Tuesday, March 08, 2005

Why are one's parents always annoying?

A friend said: when you deal with your parents, you always regress. You always go back to your childhood or teenage years when you had difficulties with them.

Another friend said: no matter how old you are, you're always a teenager when your parents are around.

We've been wondering with Elina what's the matter with most people's parents. They are just plain weird. Elina's parents won't usually eat the food *we* make and insist on making their own. That's just one example.

But I was quite fed up with my mother earlier this week, presumably on the same day when I wrote "thanks, mom and dad!" Mom phoned and said that she won't come to visit us this Easter and made up some terrible excuse I didn't believe for a minute. She has these mental problems and I think she has some sort of travel fear. I shouldn't blame her for this, but it feels like she doesn't want to meet us and be with her children and grandchildren. And I don't know what to do with it. I don't want to shout at her, but I feel powerless in front of her excuses.


This was a good day, though. Two publishers phoned and said that our books have come out: the book on rare first names and the book about talkkuna (I wrote about this earlier; 'talkkuna', for all you foreigners reading this, is a Finnish snack food - it's cooked and minced oat (sometimes with barley and peas) and it's usually eaten with yoghurt or melted ice cream and berries). It was a funny coincidence.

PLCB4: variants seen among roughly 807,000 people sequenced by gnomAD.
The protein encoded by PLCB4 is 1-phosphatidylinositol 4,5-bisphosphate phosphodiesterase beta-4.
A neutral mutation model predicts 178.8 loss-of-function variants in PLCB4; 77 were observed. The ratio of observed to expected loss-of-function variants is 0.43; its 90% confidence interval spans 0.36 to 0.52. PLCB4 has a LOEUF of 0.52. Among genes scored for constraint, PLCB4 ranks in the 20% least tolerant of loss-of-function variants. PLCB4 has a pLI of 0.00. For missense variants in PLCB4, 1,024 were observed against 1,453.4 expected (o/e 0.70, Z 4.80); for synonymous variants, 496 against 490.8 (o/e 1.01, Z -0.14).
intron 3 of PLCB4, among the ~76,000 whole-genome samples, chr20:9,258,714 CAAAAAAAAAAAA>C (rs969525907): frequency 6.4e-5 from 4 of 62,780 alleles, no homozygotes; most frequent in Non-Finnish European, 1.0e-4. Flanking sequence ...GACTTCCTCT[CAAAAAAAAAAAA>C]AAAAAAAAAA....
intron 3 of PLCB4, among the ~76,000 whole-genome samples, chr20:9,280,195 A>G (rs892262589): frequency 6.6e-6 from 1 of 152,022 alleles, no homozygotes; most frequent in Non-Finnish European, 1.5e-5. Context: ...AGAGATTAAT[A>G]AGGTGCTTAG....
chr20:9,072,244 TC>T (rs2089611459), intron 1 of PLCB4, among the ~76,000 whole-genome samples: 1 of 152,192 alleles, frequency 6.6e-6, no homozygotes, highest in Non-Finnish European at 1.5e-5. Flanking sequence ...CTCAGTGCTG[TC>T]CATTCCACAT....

On the other hand, I had an argument with the editors of my cinema book. The editor suggested a minor change that seemed irrelevant to me and I didn't want to do it. He finally got better of me and I just said: do whatever you want, you are the publisher. It feels like I'm some touchy writer.. it's embarrassing to get mad at people just doing their job. I've snapped back at editors earlier (and I may've frightened the editor of the talkkuna book with comments about her comments on some other book suggestions). It would be a relief to hear whether this happens to all the authors, since I usually think I'm a pretty easy going guy, but with these editors, nice people though they are, I've had my share of arguments.


Nice day at the flea market today (again!). We went for a business with Elina and Kauto and decided to drop by a flea market we don't usually go to. I found a Finnish Foreign Legion novel by Kapt. Hell (if I ever learn how to post images here, I will scan it) and the translation of "King of the Beggars" by Leslie Charteris (actually by Henry Kuttner, say those in the know). The crop of the cream was, however, the book on the film "Niebelungenlied" by Thea von Harbou. I think it is the first German edition from 1924 by the writer of the Fritz Lang film (and his wife). I don't know what I will do with it, but it's nice to have. It's amazing to think what this was doing in the ordinary Finnish flea market.

No comments: